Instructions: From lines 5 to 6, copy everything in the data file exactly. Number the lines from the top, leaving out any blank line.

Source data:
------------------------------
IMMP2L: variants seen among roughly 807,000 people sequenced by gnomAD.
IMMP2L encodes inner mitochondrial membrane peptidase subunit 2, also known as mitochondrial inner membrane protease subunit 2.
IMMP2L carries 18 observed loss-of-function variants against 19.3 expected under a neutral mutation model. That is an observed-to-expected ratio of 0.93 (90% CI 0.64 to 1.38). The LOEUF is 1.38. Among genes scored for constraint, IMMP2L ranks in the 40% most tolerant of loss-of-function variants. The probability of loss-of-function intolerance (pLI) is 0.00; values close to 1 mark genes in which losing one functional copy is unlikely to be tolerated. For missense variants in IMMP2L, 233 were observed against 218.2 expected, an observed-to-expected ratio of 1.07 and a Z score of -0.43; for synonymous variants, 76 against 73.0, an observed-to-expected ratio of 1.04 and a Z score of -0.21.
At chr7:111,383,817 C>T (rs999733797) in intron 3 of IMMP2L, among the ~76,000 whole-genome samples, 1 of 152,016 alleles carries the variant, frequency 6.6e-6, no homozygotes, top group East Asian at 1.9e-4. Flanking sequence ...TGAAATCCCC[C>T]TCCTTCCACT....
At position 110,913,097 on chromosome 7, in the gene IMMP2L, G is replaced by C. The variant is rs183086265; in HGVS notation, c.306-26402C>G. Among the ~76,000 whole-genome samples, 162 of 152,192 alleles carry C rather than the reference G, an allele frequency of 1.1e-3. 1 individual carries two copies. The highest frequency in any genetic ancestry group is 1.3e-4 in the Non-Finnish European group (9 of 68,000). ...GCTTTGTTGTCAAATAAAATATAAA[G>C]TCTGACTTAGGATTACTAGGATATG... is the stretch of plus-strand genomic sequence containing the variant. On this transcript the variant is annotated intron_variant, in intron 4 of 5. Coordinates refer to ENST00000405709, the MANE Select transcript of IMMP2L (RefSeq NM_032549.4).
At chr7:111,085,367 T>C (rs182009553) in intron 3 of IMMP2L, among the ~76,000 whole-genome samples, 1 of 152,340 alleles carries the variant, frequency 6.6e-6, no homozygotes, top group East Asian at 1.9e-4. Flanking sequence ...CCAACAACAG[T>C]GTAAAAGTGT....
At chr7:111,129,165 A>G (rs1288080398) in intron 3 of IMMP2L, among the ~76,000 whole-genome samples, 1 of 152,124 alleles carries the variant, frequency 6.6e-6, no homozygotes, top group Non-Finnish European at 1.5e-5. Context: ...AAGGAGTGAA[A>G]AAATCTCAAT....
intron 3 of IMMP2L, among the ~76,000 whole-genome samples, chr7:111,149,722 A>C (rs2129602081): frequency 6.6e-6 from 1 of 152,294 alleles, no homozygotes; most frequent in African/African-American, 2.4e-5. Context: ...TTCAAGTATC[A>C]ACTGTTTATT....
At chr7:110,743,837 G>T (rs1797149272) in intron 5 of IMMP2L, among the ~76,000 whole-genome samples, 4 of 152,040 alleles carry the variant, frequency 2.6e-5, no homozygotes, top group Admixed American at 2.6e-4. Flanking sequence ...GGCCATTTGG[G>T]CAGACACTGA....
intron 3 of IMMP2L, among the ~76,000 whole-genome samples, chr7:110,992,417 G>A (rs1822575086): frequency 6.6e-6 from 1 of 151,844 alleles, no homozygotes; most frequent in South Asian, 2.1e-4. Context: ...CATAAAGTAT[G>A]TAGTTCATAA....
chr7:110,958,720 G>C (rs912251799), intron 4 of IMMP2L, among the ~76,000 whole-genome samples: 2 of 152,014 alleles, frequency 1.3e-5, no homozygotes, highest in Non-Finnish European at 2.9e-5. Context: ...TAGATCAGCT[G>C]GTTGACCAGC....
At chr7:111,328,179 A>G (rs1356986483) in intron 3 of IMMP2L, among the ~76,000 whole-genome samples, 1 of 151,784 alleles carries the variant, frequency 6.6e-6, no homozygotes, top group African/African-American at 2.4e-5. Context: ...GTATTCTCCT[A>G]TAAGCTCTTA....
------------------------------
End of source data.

At position 110,913,097 on chromosome 7, in the gene IMMP2L, G is replaced by C. The variant is rs183086265; in HGVS notation, c.306-26402C>G. Among the ~76,000 whole-genome samples, 162 of 152,192 alleles carry C rather than the reference G, an allele frequency of 1.1e-3. 1 individual carries two copies. The highest frequency in any genetic ancestry group is 1.3e-4 in the Non-Finnish European group (9 of 68,000). ...GCTTTGTTGTCAAATAAAATATAAA[G>C]TCTGACTTAGGATTACTAGGATATG... is the stretch of plus-strand genomic sequence containing the variant. On this transcript the variant is annotated intron_variant, in intron 4 of 5. Coordinates refer to ENST00000405709, the MANE Select transcript of IMMP2L (RefSeq NM_032549.4).
At chr7:111,085,367 T>C (rs182009553) in intron 3 of IMMP2L, among the ~76,000 whole-genome samples, 1 of 152,340 alleles carries the variant, frequency 6.6e-6, no homozygotes, top group East Asian at 1.9e-4. Flanking sequence ...CCAACAACAG[T>C]GTAAAAGTGT....